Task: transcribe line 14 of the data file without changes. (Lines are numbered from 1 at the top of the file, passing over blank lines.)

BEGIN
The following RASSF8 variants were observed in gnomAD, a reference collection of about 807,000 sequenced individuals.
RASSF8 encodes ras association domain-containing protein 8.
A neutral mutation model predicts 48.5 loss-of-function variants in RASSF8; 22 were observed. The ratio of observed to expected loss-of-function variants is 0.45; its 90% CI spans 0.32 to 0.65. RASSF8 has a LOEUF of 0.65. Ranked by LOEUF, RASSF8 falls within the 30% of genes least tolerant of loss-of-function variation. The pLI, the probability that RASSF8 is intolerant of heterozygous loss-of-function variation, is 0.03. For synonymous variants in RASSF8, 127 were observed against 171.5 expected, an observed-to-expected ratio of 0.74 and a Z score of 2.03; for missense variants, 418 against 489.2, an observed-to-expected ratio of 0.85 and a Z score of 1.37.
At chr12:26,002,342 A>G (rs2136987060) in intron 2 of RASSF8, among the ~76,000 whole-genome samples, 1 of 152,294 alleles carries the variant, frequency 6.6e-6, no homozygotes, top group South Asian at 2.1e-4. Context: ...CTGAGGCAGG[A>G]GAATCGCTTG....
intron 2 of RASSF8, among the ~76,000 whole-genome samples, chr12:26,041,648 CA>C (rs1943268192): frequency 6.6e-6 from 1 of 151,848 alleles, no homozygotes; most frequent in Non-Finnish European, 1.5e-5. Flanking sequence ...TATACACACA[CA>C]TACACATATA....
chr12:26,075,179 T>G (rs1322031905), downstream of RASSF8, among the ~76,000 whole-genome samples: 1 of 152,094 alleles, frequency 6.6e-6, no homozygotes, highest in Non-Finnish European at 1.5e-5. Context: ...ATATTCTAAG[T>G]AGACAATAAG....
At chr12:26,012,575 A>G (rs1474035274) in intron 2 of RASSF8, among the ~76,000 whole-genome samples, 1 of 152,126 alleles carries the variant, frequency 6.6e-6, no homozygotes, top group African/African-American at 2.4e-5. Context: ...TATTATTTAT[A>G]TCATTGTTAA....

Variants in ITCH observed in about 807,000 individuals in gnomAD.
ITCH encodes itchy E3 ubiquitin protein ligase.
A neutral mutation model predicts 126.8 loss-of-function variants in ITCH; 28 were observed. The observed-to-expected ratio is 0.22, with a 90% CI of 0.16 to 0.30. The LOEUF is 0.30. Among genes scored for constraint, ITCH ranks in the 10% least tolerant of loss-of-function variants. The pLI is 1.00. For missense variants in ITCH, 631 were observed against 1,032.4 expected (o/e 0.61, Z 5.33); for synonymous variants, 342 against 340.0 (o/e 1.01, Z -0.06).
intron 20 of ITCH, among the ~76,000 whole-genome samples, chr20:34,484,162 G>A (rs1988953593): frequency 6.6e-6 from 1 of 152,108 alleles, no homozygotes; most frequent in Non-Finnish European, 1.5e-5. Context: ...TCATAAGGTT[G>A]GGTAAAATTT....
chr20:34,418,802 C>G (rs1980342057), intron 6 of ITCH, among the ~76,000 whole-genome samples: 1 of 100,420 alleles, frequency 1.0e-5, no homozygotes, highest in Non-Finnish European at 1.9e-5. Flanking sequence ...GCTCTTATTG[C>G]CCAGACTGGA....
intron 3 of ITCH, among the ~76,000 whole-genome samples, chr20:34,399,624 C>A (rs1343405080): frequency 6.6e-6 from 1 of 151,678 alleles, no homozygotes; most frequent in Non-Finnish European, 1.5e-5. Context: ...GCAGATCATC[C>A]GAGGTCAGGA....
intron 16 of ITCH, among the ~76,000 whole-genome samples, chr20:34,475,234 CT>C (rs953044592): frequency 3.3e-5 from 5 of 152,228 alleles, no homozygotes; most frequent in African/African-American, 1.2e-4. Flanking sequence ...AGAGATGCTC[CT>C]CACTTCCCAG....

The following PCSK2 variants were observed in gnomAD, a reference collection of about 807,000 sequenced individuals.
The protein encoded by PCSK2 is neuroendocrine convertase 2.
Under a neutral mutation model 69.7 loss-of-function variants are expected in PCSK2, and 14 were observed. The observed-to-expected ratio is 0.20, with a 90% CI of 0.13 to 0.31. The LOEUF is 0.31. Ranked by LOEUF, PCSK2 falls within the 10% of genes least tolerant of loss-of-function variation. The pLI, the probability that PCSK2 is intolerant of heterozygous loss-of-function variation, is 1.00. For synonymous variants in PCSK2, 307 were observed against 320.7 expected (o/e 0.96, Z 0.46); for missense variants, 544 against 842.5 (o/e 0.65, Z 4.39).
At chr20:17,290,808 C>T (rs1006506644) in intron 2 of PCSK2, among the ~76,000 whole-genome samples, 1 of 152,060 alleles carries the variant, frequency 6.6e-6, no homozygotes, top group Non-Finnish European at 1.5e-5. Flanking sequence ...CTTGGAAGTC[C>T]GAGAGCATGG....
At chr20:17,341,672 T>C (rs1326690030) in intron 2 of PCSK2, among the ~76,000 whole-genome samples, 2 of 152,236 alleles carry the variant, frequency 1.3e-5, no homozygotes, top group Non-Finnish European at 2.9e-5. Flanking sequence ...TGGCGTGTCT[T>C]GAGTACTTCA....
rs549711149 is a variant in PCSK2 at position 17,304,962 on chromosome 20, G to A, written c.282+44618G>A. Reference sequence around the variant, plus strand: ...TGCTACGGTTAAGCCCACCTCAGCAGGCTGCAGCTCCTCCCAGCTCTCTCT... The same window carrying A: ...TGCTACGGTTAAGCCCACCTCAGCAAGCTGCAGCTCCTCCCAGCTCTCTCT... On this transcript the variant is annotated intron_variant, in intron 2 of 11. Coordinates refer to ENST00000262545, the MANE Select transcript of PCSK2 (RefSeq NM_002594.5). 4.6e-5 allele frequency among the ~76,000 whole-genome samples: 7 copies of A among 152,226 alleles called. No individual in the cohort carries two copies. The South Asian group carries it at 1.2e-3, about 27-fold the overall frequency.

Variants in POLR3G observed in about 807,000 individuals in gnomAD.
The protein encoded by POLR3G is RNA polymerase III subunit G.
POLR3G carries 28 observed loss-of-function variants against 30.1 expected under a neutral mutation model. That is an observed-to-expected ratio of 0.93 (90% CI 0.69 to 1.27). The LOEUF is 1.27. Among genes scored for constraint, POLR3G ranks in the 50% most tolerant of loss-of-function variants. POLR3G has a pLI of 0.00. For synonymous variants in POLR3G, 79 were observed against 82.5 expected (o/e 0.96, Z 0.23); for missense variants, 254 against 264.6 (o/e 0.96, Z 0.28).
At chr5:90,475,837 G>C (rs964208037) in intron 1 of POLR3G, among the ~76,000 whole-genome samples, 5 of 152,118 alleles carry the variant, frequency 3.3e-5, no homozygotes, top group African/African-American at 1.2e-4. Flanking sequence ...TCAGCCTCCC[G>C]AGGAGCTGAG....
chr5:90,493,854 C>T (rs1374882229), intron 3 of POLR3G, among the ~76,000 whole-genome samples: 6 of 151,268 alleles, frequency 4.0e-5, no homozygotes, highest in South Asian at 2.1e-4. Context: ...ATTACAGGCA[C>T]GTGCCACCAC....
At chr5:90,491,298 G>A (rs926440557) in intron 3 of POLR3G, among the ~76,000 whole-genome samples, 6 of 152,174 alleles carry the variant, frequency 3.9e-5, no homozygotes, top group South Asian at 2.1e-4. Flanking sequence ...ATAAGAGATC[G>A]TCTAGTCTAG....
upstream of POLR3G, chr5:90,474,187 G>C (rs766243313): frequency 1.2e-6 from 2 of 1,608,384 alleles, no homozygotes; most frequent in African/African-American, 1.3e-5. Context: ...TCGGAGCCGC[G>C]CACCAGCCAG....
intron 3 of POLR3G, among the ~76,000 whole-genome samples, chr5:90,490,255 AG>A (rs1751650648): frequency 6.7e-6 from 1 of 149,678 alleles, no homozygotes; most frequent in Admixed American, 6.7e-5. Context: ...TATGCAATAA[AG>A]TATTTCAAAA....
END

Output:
intron 16 of ITCH, among the ~76,000 whole-genome samples, chr20:34,475,234 CT>C (rs953044592): frequency 3.3e-5 from 5 of 152,228 alleles, no homozygotes; most frequent in African/African-American, 1.2e-4. Flanking sequence ...AGAGATGCTC[CT>C]CACTTCCCAG....